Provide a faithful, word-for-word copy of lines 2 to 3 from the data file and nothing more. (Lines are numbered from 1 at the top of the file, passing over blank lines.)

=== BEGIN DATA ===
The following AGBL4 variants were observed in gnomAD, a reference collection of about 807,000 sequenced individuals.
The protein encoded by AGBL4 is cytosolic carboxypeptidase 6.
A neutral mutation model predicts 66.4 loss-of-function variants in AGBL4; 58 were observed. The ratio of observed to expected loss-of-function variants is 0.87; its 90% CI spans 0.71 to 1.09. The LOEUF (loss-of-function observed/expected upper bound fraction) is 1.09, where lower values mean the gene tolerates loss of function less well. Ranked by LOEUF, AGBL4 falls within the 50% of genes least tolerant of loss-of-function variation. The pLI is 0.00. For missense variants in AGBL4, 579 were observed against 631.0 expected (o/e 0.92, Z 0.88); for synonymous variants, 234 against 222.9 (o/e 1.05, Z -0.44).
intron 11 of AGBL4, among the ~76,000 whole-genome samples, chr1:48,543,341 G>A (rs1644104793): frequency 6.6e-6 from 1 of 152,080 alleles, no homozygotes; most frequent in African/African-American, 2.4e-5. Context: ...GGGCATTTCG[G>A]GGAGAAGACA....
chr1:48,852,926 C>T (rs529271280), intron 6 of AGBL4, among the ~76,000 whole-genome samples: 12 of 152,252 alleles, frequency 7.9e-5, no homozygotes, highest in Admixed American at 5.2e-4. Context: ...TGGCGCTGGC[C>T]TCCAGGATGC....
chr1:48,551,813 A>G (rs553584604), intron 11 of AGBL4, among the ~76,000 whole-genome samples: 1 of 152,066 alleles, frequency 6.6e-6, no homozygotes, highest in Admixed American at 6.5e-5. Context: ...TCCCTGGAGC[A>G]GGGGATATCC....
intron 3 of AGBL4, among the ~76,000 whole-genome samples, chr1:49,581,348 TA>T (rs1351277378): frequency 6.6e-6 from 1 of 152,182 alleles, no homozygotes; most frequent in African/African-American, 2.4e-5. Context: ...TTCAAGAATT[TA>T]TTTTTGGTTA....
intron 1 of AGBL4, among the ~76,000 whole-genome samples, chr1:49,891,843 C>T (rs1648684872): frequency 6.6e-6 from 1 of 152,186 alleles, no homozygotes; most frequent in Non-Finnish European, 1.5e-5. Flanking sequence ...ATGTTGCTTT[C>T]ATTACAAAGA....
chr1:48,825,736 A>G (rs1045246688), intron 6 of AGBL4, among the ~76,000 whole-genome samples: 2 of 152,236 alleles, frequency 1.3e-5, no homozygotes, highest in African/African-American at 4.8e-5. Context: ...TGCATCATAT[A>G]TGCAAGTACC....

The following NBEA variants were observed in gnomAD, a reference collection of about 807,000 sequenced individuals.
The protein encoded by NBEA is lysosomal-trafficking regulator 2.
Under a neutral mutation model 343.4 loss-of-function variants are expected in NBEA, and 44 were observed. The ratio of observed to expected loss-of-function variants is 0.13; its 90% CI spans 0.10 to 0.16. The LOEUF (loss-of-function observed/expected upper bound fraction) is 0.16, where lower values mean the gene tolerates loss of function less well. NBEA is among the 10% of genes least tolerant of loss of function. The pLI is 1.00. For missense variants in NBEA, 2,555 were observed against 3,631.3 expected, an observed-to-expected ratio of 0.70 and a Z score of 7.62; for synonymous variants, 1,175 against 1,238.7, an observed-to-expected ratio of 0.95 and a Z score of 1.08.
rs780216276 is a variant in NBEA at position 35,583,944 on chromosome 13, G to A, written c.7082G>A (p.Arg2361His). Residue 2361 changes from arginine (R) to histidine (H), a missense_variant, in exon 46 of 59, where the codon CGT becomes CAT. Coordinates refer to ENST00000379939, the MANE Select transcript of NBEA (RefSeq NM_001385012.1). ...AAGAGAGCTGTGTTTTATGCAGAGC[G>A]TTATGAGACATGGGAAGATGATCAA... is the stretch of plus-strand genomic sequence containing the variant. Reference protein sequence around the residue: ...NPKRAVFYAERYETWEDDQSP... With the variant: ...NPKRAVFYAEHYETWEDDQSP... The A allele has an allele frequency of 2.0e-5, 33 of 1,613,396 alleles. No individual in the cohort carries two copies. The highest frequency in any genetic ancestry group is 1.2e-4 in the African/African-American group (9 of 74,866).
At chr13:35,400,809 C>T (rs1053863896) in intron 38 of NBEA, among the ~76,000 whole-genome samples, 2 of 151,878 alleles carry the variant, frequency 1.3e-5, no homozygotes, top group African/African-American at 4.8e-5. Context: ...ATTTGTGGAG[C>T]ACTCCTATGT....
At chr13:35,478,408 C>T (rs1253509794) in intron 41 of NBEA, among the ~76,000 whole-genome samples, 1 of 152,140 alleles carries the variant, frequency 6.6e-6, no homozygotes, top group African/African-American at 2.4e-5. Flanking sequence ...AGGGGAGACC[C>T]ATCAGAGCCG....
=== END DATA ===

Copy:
The protein encoded by AGBL4 is cytosolic carboxypeptidase 6.
A neutral mutation model predicts 66.4 loss-of-function variants in AGBL4; 58 were observed. The ratio of observed to expected loss-of-function variants is 0.87; its 90% CI spans 0.71 to 1.09. The LOEUF (loss-of-function observed/expected upper bound fraction) is 1.09, where lower values mean the gene tolerates loss of function less well. Ranked by LOEUF, AGBL4 falls within the 50% of genes least tolerant of loss-of-function variation. The pLI is 0.00. For missense variants in AGBL4, 579 were observed against 631.0 expected (o/e 0.92, Z 0.88); for synonymous variants, 234 against 222.9 (o/e 1.05, Z -0.44).